Our wine-growing heritage began with our family in 1900. This plot is half composed of old Grenache vines, planted between 1945 and 1965, while the Syrah and Mourvèdre plantations mostly date back to the beginning of the 1990s.
Since 2005, our plantations have favoured “accessory” grape varieties, both white and red (Cinsault, Counoise, Carignan…), which result in wines that are more acidic with less alcohol content. Today we work with about fifteen grape varieties; this diversity, for which the region is known historically, guarantees the personality of our wines.
The majority of our vines are pruned using the goblet method, a traditional vine training technique in the south of France, particularly adapted to the Mediterranean climate. This system makes it possible to aerate the grape bunches without exposing them to the sun. The mechanisation of goblet-trained vines is very difficult, which explains why this method of vine training has become increasingly rare.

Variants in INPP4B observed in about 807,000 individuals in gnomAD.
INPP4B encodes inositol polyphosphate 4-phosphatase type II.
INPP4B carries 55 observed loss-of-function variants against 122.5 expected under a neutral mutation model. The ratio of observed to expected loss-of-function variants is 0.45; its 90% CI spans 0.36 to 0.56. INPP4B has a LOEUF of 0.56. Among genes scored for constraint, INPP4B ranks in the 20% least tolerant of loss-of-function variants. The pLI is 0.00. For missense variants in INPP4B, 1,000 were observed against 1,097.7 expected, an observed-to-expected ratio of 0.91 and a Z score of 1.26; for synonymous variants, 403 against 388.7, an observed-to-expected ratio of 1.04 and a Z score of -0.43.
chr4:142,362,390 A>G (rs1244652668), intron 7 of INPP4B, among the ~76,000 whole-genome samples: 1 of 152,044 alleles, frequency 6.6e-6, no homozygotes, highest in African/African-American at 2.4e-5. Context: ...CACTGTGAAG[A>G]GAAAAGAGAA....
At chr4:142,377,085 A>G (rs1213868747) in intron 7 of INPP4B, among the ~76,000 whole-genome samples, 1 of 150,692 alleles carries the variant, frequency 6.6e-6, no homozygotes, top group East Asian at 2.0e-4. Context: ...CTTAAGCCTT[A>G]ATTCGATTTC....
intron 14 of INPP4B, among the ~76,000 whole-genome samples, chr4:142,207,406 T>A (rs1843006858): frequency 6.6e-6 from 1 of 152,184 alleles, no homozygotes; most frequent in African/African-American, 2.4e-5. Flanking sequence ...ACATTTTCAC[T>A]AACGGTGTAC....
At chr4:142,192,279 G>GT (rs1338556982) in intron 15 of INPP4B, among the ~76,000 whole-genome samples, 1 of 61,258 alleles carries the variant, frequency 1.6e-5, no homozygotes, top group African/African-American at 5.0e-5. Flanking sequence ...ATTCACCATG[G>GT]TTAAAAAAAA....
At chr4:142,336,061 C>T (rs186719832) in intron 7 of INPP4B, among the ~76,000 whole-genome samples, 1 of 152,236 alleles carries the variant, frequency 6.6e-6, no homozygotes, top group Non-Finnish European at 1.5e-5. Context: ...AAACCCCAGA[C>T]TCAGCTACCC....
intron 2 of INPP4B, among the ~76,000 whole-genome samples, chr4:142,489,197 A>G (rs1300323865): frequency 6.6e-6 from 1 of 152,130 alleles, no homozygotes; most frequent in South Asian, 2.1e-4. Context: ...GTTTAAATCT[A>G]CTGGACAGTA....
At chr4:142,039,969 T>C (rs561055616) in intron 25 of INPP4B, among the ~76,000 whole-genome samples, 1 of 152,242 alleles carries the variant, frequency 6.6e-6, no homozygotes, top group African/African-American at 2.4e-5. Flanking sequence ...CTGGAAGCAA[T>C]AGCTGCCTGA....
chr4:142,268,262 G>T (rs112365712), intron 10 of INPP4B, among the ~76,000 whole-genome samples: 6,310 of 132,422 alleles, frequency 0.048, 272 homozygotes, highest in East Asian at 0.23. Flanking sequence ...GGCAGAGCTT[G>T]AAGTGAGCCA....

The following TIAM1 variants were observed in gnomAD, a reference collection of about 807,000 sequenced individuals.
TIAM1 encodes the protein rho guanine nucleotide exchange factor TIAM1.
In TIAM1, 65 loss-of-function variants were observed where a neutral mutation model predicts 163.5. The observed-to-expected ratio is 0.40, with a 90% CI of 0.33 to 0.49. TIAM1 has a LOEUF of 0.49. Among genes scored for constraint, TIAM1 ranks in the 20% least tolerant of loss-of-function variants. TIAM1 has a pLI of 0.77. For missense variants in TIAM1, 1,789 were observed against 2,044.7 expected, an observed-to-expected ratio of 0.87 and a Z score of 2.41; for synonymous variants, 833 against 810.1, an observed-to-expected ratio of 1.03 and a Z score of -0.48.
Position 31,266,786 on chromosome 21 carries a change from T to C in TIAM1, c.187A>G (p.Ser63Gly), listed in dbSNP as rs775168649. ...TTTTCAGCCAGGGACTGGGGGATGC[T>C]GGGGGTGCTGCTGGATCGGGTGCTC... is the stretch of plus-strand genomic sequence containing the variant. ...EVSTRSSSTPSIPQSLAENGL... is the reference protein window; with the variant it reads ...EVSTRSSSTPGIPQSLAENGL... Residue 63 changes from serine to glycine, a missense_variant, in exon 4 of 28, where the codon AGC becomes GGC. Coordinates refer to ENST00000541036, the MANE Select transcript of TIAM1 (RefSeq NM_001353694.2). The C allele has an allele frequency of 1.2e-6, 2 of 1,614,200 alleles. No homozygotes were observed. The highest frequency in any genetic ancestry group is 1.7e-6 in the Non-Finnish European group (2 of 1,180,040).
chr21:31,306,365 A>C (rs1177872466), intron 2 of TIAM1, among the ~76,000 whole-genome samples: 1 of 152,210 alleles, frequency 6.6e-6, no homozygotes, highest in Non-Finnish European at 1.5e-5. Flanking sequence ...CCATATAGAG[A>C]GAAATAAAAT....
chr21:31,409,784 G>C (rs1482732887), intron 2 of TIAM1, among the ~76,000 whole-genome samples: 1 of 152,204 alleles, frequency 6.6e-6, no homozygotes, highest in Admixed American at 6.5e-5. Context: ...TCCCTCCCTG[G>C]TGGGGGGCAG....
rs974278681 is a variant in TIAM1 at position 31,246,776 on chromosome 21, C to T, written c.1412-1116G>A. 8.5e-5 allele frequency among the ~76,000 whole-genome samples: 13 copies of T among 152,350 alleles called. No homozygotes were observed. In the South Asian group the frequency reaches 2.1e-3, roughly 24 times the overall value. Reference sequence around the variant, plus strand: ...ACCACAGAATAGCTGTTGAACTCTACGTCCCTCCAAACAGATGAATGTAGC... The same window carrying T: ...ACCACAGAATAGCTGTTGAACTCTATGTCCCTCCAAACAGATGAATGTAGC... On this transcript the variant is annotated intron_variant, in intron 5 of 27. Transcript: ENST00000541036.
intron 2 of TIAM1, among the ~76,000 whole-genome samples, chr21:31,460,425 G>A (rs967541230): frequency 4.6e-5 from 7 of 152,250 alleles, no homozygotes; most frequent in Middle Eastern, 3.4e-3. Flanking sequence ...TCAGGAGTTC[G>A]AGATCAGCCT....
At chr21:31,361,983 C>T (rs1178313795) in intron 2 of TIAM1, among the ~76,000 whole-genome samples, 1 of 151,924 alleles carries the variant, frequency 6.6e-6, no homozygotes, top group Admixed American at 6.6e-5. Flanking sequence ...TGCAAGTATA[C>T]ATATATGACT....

Throughout the entire year, our activity is driven by manual work. It determines the yields and ageing conditions or, in other words, the quality of the grape. Pruning (from the end of November to the end of March), disbudding (May-June), leaf thinning and green harvesting (July-August) and of course the grape harvesting (September)… We do all of this ourselves and we strive to have as much control as possible over each of these very important processes.
In order to maintain our vines, we alternate between tillage and grass covering; not a single chemical herbicide is used.
For phytosanitary protection, we only use products of natural origin (sulphur and copper) to help prevent fungal diseases. Intervention is reasoned and rarely necessary, thanks to the Mistral, the dry wind which protects our vines from most diseases and damage caused by pests.
The grapes are picked exclusively by hand. They are then transported in crates, and the fermentation process begins naturally as a consequence of the presence of indigenous yeasts. The wine is matured in used oak barrels or concrete tanks, allowing the terroir to express its full potential.
We bottle the wine ourselves at the estate, concluding a whole process which does not involve anyone else but us (and we wish to continue in this way).